Tax Tip: Choosing the Right College Savings Plan

529This time of year, everyone is looking to find ways to avoid large tax burdens. Contributions to your child or grandchild for college savings may be a great way to plan for the future and get some tax relief right away. As a college savings tool, 529 plans are the most popular choice to maximize tax-free growth of your investment, as long as it is used entirely for qualified secondary educational expenses. An individual can contribute up to $70,000 and a couple up to $140,000 to one beneficiary in a single year, as long as they count it towards their annual gift tax exclusion over a five year period. Many of the 529 plans allow for maximum account values of over $300,000. The 529 contributions are considered an asset of the custodian, allowing for flexible financial aid qualification for the student and transfers of the funds between accounts for other beneficiaries. Each state has its own plan and investment module and many offer tax benefits for contributions by residents. If your state does not offer tax incentives, then you are free to invest in any of the top-performing 529’s in other states, as most plans do not have residency requirements to participate. DWM can help find the best direct-sold plans with low operating expenses and good allocation menus. South Carolina’s direct sold plan ranks in the top 10 and Illinois in the top 15 for the last 5 years and both offer tax incentives for residents.

Before the 529’s were created, the investment choice for many was the Uniform Gift to Minor Acts (UGMA) or Uniform Transfer to Minors Act (UTMA) custodial accounts. These plans offer the advantage of allowing for non-qualified educational expenses without penalty. For example, if you want to use the funds to buy a car for your teenager. The UGMA/UTMA accounts also offer a full range of investment options with the ability to choose allocations and make changes as you would with any other investment account. There is also no limit on the maximum contribution amount. UGMA/UTMA accounts are taxed on their growth and mandated by the rules of the “kiddie tax”. This tax provision allows for the first $1,000 of unearned income of the minor to be tax-exempt and then the second $1,000 is taxed at the young account holder’s lower tax rate. Any gains from investment growth, dividends or interest above that $2,000 unearned income limit will be taxed at their parent’s higher tax rate. This tax provision affects all account holders under 19 or dependent full-time students between ages 19-23.

So what happens if you are the custodian for a UGMA/UTMA for a minor child or grandchild and you want to move it to a 529? 529’s can only accept cash deposits so the account will have to be liquidated and the custodianship terminated. The irrevocable provisions of the beneficiary arrangement in Uniform Minor acounts, however, must still be maintained, even in the 529. The 529 will ask for the source of the funds, and, if coming from a UGMA/UTMA, some 529 plans will register it as a Custodian 529. This simply means that the beneficiary rules designate the account holder be given control of the asset at age 18. The same Uniform Minor laws apply regardless of what kind of account these funds transfer to because the original asset was in an irrevocable account. Funds cannot be transferred or used by siblings or other family members without a penalty.

Is it prudent to move the funds into a tax-exempt 529? The biggest consideration are the taxes created by the liquidation of the UGMA/UTMA account and/or the annual taxes owed by the minor during its operation. After evaluating the potential gains to be made during the life of the account, you must consider what the tax on those gains will be. You can choose to liquidate the account in pieces over time or all at once, depending on the tax burden created. The tax must be paid at some point, so perhaps sooner rather than later will prevent it from increasing. Another choice is to leave the assets where they are and put any additional contributions in a new 529 for the beneficiary. This will avoid causing a taxable event while creating a beneficial 529 account. There may be a tax benefit to transferring the funds into a state-sponsored 529 plan because of tax breaks offered by some states, like South Carolina and Illinois. The tax owed on the gains may be offset by the tax incentives offered. You will have to weigh the implications of the long-term tax-saving benefit of transferring into a 529 against the tax burden created by liquidating the account.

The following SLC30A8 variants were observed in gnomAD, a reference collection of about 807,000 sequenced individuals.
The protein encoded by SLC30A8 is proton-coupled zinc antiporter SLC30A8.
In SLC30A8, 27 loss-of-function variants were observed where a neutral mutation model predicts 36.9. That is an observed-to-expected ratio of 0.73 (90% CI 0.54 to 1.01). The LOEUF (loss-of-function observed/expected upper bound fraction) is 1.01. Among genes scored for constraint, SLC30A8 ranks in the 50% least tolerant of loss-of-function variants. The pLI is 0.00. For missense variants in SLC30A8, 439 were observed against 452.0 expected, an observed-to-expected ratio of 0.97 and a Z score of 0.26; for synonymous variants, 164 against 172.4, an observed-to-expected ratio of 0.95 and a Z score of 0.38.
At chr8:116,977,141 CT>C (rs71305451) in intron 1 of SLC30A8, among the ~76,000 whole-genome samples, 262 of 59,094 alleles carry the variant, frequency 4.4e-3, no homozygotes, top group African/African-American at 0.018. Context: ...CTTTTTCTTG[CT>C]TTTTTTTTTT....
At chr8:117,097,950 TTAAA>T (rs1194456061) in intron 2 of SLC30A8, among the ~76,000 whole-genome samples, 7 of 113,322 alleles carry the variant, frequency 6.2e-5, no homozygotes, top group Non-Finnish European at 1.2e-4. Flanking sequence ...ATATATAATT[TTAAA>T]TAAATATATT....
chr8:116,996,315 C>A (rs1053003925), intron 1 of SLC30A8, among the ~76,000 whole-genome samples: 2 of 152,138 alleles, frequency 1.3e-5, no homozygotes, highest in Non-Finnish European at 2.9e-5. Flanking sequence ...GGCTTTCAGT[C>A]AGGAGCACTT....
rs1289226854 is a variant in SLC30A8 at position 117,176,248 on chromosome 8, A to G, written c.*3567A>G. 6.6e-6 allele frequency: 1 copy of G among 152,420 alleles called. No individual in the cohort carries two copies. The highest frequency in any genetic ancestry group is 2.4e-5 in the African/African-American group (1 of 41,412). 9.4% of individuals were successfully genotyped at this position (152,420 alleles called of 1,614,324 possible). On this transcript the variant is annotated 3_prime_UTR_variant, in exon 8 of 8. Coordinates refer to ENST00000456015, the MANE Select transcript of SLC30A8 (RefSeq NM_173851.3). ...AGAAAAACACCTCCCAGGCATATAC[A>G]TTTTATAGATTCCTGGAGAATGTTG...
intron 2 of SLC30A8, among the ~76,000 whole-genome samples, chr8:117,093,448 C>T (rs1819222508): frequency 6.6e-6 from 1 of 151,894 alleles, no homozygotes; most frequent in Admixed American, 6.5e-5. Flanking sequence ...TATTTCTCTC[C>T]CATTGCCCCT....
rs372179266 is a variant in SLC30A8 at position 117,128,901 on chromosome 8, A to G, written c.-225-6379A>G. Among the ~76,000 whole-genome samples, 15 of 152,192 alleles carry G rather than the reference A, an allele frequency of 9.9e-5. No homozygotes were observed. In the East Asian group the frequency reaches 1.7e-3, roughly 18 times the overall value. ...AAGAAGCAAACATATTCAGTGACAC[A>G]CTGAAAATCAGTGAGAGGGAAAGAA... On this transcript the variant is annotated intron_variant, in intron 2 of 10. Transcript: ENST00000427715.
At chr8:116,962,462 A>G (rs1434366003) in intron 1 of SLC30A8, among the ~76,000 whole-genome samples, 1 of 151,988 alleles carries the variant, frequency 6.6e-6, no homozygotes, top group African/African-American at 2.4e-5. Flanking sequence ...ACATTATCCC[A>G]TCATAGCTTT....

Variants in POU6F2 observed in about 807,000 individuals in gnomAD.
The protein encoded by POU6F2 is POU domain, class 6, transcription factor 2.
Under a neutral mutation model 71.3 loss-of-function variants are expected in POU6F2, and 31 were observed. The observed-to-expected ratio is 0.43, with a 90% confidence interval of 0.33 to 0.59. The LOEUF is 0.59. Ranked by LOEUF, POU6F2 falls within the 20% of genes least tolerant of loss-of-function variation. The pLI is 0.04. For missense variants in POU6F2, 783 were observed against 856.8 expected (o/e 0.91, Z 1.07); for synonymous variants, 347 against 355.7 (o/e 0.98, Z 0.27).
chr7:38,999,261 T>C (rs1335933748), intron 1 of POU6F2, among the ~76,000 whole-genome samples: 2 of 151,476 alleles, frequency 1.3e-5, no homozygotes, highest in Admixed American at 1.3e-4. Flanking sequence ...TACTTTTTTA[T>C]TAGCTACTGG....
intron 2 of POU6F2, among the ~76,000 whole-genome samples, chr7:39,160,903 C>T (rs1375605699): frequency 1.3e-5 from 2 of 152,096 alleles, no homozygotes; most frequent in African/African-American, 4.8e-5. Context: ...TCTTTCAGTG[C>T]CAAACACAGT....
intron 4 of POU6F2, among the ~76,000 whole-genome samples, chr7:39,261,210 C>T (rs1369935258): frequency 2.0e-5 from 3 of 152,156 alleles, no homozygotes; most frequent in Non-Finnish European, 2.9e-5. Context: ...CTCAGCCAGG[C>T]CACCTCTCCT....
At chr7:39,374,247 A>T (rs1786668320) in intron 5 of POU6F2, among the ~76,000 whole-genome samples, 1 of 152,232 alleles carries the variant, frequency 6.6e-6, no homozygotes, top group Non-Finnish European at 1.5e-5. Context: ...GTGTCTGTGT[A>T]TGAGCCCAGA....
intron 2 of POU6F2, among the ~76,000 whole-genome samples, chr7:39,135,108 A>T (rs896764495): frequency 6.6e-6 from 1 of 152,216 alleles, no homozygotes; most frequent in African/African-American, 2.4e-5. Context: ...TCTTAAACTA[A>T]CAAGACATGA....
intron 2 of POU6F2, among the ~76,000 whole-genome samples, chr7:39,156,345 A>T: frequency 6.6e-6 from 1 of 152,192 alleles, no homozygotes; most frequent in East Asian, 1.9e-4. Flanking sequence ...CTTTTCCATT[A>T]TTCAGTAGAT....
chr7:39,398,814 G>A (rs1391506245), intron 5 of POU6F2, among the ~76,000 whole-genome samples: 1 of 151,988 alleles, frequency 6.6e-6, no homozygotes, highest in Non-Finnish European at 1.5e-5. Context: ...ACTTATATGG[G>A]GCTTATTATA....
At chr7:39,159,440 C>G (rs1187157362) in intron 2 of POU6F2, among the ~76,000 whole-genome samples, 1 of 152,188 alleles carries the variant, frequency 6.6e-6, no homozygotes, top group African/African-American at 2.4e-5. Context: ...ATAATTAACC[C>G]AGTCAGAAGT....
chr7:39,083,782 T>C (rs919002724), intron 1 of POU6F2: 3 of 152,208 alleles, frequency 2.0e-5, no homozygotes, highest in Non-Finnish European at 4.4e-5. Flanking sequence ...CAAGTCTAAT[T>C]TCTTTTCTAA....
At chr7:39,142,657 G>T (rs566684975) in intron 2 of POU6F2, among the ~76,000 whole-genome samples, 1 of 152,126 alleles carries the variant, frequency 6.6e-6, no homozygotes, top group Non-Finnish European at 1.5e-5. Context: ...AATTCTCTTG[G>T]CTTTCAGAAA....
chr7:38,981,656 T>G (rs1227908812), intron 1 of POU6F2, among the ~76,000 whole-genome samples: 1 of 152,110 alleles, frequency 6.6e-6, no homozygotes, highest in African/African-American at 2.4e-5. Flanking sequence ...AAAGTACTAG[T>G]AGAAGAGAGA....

While it’s true that the 529 is an excellent college-saving tool, there can be advantages to using the Uniform Minor accounts as well. And a conversion of a UGMA/UTMA account to a 529 can be a complex decision. At Detterbeck Wealth Management, we can help you evaluate your situation to determine the best option.

So Many Numbers: Which Ones Are Important?

stock-photo-old-typeset-166120136Our world is full of numbers. They’re everywhere. Our calendars just moved from 2014 to 2015. We get bombarded continually with numbers representing time, temperature, and, yes, stock market reports. NPR’s Eric Westervelt last week called numbers “the scaffolding that our economy, our technology and huge parts of our life are built on.”

For this blog, I thought it would be interesting to look at the origin of our numbers and then highlight five key numbers that are of real importance to your financial future.

Mr. Westervelt was interviewing Amir Aczel who has written a new book “Finding Zero: A Mathematician’s Odyssey to Uncover the Origins of Numbers.” Mr. Aczel believes the invention or discovery of numbers “is the greatest intellectual invention of the human mind.” We use Hindu-Arabic numerals. Before that, there were many other systems including the Mayans, the Babylonians, and, yes, the Romans. The big problem with the Roman number system is that it had no zero. The numbers didn’t cycle and hence multiplication or division was almost impossible. Five (V) times ten (X) is 50 or L in the Roman system. Each value was unique in the Roman system whereas in our system, numbers can cycle. Two with a zero after it is 20. And, zero is very important. Without it, numbers couldn’t cycle. It’s the reason that 9 numbers plus a zero allow us to write any number we want. Pretty amazing.